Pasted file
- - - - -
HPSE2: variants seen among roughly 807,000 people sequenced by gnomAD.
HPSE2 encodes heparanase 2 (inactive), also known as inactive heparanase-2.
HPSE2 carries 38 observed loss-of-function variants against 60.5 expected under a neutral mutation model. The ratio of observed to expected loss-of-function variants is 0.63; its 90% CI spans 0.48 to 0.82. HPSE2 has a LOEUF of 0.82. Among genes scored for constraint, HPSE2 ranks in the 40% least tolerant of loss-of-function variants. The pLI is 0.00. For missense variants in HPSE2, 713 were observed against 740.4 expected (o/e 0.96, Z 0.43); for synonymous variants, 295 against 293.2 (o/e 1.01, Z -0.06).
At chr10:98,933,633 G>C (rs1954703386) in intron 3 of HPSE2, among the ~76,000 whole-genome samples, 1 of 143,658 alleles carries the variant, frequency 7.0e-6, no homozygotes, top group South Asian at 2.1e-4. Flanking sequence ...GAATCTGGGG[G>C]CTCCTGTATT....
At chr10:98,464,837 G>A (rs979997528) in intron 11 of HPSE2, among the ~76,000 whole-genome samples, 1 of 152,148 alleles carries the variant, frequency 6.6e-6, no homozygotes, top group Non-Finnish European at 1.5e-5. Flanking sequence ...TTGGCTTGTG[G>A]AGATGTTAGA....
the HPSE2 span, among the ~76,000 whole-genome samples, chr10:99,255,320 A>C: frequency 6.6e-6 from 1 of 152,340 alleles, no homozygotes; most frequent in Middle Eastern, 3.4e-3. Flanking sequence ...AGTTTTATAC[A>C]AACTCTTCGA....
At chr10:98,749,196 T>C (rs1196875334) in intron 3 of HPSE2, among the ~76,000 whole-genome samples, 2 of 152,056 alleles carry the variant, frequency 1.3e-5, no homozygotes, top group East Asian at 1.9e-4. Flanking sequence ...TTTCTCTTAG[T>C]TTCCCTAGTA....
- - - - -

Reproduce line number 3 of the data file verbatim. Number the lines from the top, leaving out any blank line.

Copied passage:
HPSE2 carries 38 observed loss-of-function variants against 60.5 expected under a neutral mutation model. The ratio of observed to expected loss-of-function variants is 0.63; its 90% CI spans 0.48 to 0.82. HPSE2 has a LOEUF of 0.82. Among genes scored for constraint, HPSE2 ranks in the 40% least tolerant of loss-of-function variants. The pLI is 0.00. For missense variants in HPSE2, 713 were observed against 740.4 expected (o/e 0.96, Z 0.43); for synonymous variants, 295 against 293.2 (o/e 1.01, Z -0.06).